Retaining Troop Alumni



Recently, I was part of the team that ran a Christian retreat for high school students.called Chrysalis. The team included a mixed group of adults and teens, all of whom had completed similar retreats in the past. One thing that really impressed me was that five of the key leaders–including the top two volunteers–were young adults who had attended previous Chrysalis weekends in the local community. These young leaders were all in college or graduate school or maybe in their first jobs, but they were still deeply connected to this program. In fact, one of them is in med school and somehow managed to juggle a schedule last fall that included team meetings and residency interviews with med schools around the country.

In Scouting, we often take it for granted that even our best Scouts will leave the program after high school and not return until they have children who are old enough to be Cub Scouts. That typically means losing them throughout their 20s at a minimum and depriving our current Scouts of mentors who are close enough to them in age to understand the challenges they face, which are totally different from the ones I faced way back in the 1980s.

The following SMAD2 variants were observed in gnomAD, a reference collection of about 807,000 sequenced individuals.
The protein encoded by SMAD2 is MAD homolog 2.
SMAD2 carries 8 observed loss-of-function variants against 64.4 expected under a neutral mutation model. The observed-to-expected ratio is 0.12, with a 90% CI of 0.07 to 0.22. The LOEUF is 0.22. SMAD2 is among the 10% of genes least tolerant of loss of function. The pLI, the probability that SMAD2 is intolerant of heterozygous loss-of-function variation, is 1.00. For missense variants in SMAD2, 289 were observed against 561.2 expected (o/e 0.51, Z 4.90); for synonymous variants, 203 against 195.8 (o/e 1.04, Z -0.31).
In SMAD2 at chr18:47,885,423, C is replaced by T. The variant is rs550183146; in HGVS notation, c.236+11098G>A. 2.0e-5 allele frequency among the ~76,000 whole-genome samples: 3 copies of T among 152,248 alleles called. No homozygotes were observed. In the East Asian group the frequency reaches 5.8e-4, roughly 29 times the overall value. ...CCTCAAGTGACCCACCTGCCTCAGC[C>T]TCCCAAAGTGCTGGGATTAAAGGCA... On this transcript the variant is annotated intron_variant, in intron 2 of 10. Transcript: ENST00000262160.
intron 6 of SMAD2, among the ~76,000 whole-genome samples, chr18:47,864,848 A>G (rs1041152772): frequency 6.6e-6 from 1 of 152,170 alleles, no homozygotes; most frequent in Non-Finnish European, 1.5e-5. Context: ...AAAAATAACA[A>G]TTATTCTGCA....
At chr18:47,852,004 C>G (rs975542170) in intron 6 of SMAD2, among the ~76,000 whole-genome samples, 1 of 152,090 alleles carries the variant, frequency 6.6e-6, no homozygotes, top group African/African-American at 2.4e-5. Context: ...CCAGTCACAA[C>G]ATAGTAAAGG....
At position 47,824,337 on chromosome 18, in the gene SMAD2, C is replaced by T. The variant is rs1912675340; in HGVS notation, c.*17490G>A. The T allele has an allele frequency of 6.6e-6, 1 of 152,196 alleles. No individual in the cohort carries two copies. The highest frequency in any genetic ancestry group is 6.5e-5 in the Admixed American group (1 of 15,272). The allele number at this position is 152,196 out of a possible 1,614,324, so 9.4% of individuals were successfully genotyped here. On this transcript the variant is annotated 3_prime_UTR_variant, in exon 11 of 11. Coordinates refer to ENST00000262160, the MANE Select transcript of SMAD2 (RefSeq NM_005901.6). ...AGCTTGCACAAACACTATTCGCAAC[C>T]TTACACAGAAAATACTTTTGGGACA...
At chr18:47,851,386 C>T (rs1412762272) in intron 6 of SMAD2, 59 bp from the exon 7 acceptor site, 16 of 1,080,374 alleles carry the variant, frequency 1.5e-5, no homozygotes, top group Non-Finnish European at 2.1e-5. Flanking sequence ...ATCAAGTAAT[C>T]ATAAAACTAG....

I realize it’s impractical to convince a former Scout in college to commit to weekly meetings and monthly outings–especially if his college is hundreds of miles away. But that doesn’t mean you can’t find ways to keep your young alumni involved.

You could, for example, have an alumni night each year at summer camp where you share homemade ice cream and swap troop stories from today and yesterday. Or you could schedule an annual activity that is planned and led by alumni. Or you could invite your old Eagle Scouts to Eagle courts of honor and seat them in a “Eagles’ Nest” on stage.Or you could create a troop alumni group on Facebook so former Scouts can stay connected virtually.

We pour too much blood, sweat, and tears into our Scouts to let them disappear when they turn 18. I hope you’ll find ways to retain your alumni to benefit your troop. And if you have success stories to share, post them in the comments section below.

Need more great troop leadership ideas? Check out The Scoutmaster’s Other Handbook, which is available in both print and e-book formats at



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